Alaska Airlines, based in Seattle, has been an all-Boeing operator. They acquired Virgin America which flew Airbus narrowbodies. It’s seemed from the beginning that they’d eventually dump those planes, and now the fate of Alaska Airlines Airbus A319s and A320s is sealed with Alaska’s order of 23 additional Boeing 737 MAX 9s.
Boeing, desperate to sell MAX aircraft as the plane is ungrounded and on the hook to compensate operators of the MAX, sold Alaska the new planes for no additional cash down, restructuring existing deposits on MAX orders as part of the deal. Alaska Airlines now has 68 MAX orders and 52 options.
- Alaska will drop its Airbus A319s and A320s as they come off lease, and all will be gone by 2024.
- However they have 10 Airbus A321neos leased through 2029.
A fleet of 10 A321s isn’t economical. Alaska has orders for 30 Airbus A320neos inherited from Virgin America. These are cancellable and Leehan News writes that the cancellation penalty is “not large.” These orders, however, could be converted to A321neos and Alaska could grow that aircraft type. Boeing doesn’t currently offer a comparable product.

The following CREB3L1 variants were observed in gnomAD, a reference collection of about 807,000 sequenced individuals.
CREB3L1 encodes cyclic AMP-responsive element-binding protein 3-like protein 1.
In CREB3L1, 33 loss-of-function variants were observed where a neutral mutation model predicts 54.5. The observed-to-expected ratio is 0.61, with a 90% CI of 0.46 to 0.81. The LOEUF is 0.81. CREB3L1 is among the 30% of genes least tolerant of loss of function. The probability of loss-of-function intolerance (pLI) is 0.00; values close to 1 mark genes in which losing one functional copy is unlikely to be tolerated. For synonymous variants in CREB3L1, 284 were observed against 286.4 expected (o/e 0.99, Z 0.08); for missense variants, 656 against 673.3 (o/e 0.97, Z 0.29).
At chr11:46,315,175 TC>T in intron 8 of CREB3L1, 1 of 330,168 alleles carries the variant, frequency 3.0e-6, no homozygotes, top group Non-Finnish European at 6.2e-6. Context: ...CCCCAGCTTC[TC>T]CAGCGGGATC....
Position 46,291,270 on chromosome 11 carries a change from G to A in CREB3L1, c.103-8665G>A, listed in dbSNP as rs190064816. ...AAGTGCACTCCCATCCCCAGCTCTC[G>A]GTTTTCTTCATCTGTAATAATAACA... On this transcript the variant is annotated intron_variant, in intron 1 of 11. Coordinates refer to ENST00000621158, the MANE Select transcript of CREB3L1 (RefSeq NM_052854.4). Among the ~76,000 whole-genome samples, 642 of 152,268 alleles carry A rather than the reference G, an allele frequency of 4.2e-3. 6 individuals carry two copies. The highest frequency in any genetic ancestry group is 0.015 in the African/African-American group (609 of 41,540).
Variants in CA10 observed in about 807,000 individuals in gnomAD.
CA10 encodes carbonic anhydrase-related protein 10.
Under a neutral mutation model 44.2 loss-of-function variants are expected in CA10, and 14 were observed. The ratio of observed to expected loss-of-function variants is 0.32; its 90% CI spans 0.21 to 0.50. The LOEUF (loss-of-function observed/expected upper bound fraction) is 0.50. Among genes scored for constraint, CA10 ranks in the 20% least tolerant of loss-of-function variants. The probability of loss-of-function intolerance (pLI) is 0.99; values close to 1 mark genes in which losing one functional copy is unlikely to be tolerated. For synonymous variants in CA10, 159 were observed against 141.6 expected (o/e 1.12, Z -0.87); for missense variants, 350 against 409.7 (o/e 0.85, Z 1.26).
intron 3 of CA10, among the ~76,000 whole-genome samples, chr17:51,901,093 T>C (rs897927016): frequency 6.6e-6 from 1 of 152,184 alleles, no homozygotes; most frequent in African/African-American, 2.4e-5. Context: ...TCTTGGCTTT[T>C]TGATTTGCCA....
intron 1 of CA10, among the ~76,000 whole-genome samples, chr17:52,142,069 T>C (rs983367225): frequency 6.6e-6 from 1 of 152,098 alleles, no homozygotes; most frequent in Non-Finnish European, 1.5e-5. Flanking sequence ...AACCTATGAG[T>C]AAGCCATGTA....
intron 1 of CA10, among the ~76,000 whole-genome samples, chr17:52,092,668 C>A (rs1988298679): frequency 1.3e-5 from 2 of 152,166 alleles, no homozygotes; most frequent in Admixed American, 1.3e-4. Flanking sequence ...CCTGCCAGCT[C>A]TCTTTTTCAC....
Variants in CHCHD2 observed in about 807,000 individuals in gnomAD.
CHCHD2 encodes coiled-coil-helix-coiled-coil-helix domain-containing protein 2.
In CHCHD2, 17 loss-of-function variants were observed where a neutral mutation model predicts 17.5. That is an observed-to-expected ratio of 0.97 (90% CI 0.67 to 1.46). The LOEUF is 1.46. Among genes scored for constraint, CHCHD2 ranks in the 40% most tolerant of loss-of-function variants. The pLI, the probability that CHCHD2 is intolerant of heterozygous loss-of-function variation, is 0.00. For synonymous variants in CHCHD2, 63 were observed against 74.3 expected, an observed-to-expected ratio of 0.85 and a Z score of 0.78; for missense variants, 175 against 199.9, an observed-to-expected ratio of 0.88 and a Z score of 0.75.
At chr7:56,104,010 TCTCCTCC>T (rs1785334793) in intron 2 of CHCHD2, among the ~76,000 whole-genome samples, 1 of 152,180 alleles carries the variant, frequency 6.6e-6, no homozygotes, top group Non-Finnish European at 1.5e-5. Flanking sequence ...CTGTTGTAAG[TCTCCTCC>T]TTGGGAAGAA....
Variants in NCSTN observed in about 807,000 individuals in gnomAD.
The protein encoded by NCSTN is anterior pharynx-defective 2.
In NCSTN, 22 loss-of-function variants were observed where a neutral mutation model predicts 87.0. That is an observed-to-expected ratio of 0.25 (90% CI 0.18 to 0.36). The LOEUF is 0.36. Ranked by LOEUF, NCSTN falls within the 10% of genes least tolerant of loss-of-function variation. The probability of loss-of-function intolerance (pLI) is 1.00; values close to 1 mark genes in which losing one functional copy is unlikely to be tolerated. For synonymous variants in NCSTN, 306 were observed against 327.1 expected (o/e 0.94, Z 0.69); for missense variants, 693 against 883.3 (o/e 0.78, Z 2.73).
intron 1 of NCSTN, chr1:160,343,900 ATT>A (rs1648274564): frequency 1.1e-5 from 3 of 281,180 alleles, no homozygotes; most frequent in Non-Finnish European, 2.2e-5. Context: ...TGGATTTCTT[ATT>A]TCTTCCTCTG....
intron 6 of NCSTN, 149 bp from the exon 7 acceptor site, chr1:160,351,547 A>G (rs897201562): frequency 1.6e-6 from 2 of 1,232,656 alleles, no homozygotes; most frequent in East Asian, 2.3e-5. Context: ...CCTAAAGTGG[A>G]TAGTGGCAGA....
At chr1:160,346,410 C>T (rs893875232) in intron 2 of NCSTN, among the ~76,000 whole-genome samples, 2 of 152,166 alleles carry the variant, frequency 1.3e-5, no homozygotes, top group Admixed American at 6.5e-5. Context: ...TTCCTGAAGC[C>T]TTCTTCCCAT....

They may even be negotiating with Airbus over A321XLRs,
The XLR would open many routes the MAX 9 can’t do. (The MAX 10 has even less range.) Depending on the US city, Alaska could go nicely into Latin and some areas of South America with the XLR.
Even Anchorage and Honolulu could see significant, expanded service, should Alaska choose.
Market intelligence indicates Alaska wants a price for the A321neo millions below Airbus’ offer. Whether this gap can be bridged remains to be seen.
Boeing was truly motivated to deal. Airbus has fared better with its narrowbodies. Whether or not Alaska takes more, or exits Airbus forever, likely comes down to how motivated the European aircraft manufacturer is to sell these planes.